"The unedited musings of a recovering madman"

Applying Virtue to Developmental Coaching and Beyond

The following quote triggered this blog:

Nothing is more tragic than to see people who have sold themselves short on what is possible for their lives.

Page 82, Rich Dad's Guide To Investing by Robert Kiyosaki with Sharon Lechter

What struck me so hard is the danger of this meme.  For much of my life I have agreed with the essence of the quote.  "Be all you can be." "Accomplish everything you can in your life." Live up to your potential"

Yet, what is starting to shift in my consciousness is that depending on how you really look at this meme: "what is possible for their lives," you will have different meaning.  My sense is that this is largely written from an "orange" vMEME.  The emergent properties of the orange vMEME center around achievement motivation, i.e. strive-drive, win-win, get all you can out of potential, efficiency, effectiveness.

Quite frankly--to me--there is nothing wrong with this meme or the vMEME of orange, yet, it can be very dangerous in terms of its effects, its affect and the outcomes and results of its proliferation.

Let me explain

When we seek to become all we can, what does that mean?

To many it will mean, the tragedy of leaving money on the table--as a metaphor.  The waste in potential that occurs because people don't reach higher, stretch farther.  I believe in the appropriate context, those things are relevant and desirable.  Yet, in other contexts throughout the world, this meme or vMEME constellation is producing the emphasis on growth, stretch, efficiency, effectiveness at the risk of other opportunities.

Utilizing the orange vMEME meme of "opportunity cost," I can see that there is more to this meme of:

"Nothing is more tragic than to see people who have sold themselves short on what is possible for their lives."

than the tragedy of extending one's self upward on a strive-drive ladder past the point of living one's own life.  Since potential is inherently unlimited (albeit with bounds on one's stage of development--genetics, etc.), the constant strive-drive of reaching from one level to the next in my view is not at all healthy and resilient.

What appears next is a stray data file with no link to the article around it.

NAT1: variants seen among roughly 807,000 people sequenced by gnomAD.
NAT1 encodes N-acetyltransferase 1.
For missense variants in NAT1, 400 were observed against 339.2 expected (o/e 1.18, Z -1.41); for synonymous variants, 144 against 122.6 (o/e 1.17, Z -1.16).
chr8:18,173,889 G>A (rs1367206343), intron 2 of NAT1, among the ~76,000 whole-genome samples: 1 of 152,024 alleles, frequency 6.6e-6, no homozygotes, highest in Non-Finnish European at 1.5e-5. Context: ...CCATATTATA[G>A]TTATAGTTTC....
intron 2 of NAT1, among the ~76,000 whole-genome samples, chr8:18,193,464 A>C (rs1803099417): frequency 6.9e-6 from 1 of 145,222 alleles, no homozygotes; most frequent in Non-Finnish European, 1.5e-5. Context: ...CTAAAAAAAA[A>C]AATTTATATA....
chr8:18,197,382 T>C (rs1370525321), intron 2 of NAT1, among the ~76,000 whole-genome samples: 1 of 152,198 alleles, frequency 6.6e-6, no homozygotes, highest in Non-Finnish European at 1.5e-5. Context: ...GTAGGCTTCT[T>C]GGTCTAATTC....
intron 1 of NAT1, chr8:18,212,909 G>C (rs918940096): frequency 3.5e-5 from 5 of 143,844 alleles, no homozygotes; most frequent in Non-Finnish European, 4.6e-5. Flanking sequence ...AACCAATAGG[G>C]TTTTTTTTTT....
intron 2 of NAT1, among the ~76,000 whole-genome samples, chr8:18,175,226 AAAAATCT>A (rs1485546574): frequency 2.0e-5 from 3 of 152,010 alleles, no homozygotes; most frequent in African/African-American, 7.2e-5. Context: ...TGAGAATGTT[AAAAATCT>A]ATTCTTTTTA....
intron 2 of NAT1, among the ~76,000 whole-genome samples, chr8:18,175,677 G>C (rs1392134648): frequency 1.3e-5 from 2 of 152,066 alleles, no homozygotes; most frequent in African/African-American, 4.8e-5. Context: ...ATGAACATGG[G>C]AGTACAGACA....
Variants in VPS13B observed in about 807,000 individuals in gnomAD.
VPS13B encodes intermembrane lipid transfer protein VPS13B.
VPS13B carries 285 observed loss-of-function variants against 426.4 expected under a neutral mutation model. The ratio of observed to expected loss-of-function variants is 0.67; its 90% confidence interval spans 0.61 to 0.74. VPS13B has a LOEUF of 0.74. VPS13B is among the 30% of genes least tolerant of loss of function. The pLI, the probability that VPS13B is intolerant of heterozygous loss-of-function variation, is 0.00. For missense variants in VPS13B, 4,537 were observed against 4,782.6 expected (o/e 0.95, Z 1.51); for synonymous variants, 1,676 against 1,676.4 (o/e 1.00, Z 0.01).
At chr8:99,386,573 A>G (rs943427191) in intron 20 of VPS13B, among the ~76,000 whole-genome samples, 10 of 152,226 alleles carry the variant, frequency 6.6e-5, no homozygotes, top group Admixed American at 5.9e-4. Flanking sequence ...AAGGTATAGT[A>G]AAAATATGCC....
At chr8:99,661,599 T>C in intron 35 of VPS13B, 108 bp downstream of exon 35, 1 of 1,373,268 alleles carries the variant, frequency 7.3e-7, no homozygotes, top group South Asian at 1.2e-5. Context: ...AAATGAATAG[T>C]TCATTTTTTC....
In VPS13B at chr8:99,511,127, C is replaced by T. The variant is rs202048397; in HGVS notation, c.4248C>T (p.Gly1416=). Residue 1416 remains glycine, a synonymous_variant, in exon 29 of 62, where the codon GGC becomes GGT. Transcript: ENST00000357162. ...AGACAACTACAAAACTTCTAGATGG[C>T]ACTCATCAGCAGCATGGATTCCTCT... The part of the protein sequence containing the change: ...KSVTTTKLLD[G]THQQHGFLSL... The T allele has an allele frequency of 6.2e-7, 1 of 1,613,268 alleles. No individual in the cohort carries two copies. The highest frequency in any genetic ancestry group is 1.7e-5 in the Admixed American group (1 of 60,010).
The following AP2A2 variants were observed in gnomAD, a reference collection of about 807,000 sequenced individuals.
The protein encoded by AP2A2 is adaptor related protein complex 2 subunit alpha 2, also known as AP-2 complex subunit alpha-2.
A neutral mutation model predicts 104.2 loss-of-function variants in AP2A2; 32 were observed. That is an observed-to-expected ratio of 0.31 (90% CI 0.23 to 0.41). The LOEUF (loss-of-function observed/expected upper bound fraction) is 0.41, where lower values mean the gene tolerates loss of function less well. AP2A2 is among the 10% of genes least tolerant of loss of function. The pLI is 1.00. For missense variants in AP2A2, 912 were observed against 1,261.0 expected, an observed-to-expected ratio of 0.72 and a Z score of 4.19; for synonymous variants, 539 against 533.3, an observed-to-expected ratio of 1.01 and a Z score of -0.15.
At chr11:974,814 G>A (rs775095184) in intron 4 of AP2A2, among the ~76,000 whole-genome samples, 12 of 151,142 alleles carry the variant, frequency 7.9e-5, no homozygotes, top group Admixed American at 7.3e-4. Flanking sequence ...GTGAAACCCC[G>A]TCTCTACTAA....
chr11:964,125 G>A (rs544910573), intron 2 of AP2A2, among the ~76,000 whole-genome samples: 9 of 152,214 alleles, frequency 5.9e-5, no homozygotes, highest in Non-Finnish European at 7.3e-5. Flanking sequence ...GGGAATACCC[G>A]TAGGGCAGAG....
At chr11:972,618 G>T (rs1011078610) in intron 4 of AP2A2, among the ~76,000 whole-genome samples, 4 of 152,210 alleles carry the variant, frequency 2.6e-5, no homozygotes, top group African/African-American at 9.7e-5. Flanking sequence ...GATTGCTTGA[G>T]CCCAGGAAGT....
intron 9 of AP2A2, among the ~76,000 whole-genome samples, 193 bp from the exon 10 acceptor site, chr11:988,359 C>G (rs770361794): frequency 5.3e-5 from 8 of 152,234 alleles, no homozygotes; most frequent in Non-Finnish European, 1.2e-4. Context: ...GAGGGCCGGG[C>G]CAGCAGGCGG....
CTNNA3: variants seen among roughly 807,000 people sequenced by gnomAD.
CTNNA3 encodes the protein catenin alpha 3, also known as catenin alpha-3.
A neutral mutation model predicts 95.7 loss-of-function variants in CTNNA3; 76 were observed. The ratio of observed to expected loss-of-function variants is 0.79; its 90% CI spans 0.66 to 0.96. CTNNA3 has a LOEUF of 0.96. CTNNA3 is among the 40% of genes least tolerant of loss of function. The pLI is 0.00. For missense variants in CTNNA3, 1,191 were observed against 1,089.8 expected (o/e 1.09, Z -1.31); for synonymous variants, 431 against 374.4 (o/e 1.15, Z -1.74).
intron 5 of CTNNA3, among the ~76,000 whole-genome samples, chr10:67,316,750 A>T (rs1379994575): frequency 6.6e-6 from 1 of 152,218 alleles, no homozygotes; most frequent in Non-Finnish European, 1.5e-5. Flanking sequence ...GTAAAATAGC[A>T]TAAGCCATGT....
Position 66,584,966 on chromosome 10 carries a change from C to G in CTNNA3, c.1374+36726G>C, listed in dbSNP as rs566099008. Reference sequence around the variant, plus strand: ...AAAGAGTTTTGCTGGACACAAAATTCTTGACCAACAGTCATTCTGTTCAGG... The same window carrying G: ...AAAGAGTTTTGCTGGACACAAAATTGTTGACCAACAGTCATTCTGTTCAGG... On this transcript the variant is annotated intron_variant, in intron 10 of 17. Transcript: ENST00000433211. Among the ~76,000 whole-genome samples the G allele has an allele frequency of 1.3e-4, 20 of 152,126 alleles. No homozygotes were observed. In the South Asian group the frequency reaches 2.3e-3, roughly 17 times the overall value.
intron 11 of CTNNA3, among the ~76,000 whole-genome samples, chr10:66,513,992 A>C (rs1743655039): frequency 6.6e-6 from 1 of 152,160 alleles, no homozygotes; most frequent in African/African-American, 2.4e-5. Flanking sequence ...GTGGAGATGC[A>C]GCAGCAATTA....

Here's why I reason in this manner

Verticality is inherent in the meme.  In other words, the constant climbing or uphilling is a strategy to reach one's potential as viewed through this vMEME constellation.  Yet, constant uphilling uses significant resources and in my opinion--or at least in some of my latter experience--is not sustainable, by either life or aliveness. 

While evolving life can sustain life in some form, the meaning of life can be achieved without constant uphilling in my view.  If people seek meaning in life from the ladder, then we create an inherent climbing in the system towards complexity.

In my view and in my contention, meaning in life can be found without climbing.  Climbing is a strategy, sometimes required to get a look around. It is not necessary to climb every mountain.  For most, it is not sustainable as a strategy and therefore constantly trying to reach one's potential may be a flawed strategy for sustainability.

Virtue MAY lie in attempting to fully realize one's self.  A strategy may be up and of course there may be tragedy in that strategy as well.  Tragedy may exist in the life not fully realized versus the one not fully potentialized.

In rereading this piece, I'm not sure if I'm making the point, but hopefully it is one that can realized.
 
mike
http://www.theresiliencefactor.com
 

Mike Jay, August 2003

On The Professional Edge